Knowledge of objects and their parts, meronym relations, are at the heart of many question-answering systems, but manually encoding these facts is impractical. Past researchers have tried hand-written patterns, supervised learning, and bootstrapped methods, but achieving both high precision and recall has proven elusive. This paper reports on a thorough exploration of distant supervision to learn a meronym extractor for the domain of college biology. We introduce a novel algorithm, generalizing the "at least one" assumption of multi-instance learning to handle the case where a fixed (but unknown) percentage of bag members are positive examples. Detailed experiments compare strategies for mention detection, negative example generation, leveraging out-of-domain meronyms, and evaluate the benefit of our multi-instance percentage model.

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    • EMNLP 2013
      Aju Thalappillil Scaria, Jonathan Berant, Mengqiu Wang, Christopher D. Manning, Justin Lewis, Brittany Harding, and Peter Clark

      Biological processes are complex phenomena involving a series of events that are related to one another through various relationships. Systems that can understand and reason over biological processes would dramatically improve the performance of semantic applications involving inference such as question answering (QA) — specifically "How?" and "Why?" questions. In this paper, we present the task of process extraction, in which events within a process and the relations between the events are automatically extracted from text. We represent processes by graphs whose edges describe a set of temporal, causal and co-reference event-event relations, and characterize the structural properties of these graphs (e.g., the graphs are connected). Then, we present a method for extracting relations between the events, which exploits these structural properties by performing joint inference over the set of extracted relations. On a novel dataset containing 148 descriptions of biological processes (released with this paper), we show significant improvement comparing to baselines that disregard process structure.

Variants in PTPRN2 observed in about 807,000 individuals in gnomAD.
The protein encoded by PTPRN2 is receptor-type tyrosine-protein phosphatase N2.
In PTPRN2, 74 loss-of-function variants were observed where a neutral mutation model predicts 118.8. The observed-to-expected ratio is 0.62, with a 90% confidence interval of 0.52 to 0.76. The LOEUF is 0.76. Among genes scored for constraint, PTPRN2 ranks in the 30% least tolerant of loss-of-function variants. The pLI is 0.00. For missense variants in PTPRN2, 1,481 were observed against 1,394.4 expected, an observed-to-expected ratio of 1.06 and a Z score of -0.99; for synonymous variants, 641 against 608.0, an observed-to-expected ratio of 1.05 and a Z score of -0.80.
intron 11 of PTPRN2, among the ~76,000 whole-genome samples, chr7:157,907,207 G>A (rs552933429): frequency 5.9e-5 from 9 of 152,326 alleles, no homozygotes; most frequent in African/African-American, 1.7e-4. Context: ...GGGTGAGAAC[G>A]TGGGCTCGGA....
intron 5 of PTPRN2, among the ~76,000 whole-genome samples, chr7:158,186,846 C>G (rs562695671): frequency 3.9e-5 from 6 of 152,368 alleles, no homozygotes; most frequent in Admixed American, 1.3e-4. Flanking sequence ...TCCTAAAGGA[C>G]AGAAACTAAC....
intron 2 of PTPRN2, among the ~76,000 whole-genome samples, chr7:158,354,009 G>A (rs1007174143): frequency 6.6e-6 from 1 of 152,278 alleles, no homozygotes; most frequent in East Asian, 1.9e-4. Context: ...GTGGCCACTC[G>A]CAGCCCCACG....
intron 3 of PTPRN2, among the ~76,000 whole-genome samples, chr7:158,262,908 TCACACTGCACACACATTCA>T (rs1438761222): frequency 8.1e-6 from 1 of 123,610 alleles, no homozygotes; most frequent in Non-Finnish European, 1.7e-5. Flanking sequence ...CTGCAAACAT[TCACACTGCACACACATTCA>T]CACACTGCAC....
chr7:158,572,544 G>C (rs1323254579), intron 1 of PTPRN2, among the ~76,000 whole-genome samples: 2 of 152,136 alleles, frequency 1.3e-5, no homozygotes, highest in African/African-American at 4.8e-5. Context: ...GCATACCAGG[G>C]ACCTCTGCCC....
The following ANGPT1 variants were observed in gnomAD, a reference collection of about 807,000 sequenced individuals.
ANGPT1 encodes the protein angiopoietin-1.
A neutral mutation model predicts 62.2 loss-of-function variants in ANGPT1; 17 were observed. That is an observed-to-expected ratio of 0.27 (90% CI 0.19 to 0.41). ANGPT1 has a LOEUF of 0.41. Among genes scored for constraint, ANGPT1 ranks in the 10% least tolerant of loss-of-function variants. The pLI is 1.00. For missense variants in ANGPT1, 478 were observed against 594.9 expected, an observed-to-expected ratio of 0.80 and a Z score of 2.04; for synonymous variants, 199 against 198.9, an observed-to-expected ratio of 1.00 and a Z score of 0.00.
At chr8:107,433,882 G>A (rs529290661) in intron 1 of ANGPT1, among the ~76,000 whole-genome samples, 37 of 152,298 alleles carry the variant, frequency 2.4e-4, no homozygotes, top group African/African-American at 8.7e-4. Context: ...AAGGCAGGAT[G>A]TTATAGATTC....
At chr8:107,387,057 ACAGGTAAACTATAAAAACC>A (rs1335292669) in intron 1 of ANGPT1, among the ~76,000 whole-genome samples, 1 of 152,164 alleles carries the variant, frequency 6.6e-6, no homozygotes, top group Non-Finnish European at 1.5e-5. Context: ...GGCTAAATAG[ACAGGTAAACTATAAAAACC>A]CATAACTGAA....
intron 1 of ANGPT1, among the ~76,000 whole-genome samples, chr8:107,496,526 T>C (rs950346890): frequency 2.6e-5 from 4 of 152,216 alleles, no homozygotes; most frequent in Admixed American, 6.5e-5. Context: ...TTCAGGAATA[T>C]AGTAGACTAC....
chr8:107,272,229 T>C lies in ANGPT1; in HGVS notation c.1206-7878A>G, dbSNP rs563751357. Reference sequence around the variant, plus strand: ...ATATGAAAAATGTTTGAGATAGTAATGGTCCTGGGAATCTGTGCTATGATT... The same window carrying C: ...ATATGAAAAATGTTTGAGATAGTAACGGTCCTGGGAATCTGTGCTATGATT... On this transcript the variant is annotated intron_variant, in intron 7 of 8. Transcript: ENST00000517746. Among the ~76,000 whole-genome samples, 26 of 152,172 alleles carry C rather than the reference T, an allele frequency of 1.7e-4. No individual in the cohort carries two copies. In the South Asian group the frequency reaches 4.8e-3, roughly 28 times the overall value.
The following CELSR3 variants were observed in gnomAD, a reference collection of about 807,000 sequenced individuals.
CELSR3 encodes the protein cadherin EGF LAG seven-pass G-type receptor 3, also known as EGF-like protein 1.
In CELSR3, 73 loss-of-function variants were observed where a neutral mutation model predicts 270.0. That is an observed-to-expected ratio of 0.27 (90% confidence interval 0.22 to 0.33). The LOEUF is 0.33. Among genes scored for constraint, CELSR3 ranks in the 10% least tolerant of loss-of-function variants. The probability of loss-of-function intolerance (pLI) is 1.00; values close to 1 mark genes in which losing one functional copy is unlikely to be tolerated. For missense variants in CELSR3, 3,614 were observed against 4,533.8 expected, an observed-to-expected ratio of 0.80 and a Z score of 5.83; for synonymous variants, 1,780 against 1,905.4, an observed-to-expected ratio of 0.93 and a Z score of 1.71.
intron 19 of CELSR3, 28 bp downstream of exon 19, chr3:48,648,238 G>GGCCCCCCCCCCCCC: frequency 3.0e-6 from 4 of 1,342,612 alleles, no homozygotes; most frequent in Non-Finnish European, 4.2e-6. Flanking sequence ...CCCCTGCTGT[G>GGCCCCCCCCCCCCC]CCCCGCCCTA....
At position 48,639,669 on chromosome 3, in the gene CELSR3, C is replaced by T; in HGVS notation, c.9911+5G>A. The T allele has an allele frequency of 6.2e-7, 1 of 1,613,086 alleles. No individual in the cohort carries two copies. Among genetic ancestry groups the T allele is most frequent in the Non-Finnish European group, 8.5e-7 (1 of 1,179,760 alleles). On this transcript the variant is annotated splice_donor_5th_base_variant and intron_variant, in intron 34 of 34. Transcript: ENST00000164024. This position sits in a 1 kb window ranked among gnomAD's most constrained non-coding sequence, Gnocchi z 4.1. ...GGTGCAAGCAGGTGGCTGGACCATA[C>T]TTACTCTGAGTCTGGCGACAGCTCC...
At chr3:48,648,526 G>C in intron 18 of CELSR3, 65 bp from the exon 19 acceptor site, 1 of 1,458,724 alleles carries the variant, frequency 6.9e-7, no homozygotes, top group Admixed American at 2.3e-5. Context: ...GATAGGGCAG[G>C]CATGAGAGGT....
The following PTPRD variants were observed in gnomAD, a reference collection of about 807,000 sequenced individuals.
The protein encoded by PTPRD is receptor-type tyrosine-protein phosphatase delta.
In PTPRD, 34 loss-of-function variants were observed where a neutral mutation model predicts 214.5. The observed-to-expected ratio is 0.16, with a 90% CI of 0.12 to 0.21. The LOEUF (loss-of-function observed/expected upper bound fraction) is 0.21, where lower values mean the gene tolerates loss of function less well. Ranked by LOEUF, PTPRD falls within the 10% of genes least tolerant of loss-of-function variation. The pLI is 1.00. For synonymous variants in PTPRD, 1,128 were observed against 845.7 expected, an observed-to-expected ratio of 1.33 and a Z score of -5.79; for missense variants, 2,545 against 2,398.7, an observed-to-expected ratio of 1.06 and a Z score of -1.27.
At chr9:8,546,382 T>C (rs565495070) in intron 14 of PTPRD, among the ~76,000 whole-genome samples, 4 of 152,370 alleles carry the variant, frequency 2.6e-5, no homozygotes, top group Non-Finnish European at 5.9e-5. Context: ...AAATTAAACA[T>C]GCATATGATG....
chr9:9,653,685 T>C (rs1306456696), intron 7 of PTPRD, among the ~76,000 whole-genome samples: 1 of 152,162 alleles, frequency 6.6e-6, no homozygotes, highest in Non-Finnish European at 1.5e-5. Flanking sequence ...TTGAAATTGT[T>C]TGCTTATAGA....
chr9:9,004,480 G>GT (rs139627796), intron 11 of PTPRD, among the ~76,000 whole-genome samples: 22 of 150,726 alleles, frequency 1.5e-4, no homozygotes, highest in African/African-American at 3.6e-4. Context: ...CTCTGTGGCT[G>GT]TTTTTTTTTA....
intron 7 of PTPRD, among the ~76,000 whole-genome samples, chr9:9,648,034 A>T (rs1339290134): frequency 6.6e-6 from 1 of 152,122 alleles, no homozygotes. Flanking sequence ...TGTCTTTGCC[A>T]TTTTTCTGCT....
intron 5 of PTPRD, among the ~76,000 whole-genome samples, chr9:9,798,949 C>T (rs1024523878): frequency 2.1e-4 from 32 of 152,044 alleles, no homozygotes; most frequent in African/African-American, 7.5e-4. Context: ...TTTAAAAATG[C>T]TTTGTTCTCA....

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    • CIKM • AKBC 2013
      Peter Clark, Phil Harrison, and Niranjan Balasubramanian

      Our long-term interest is in machines that contain large amounts of general and scientific knowledge, stored in a "computable" form that supports reasoning and explanation. As a medium-term focus for this, our goal is to have the computer pass a fourth-grade science test, anticipating that much of the required knowledge will need to be acquired semi-automatically. This paper presents the first step towards this goal, namely a blueprint of the knowledge requirements for an early science exam, and a brief description of the resources, methods, and challenges involved in the semiautomatic acquisition of that knowledge. The result of our analysis suggests that as well as fact extraction from text and statistically driven rule extraction, three other styles of automatic knowledge-base construction (AKBC) would be useful: acquiring definitional knowledge, direct "reading" of rules from texts that state them, and, given a particular representational framework (e.g., qualitative reasoning), acquisition of specific instances of those models from text (e..g, specific qualitative models).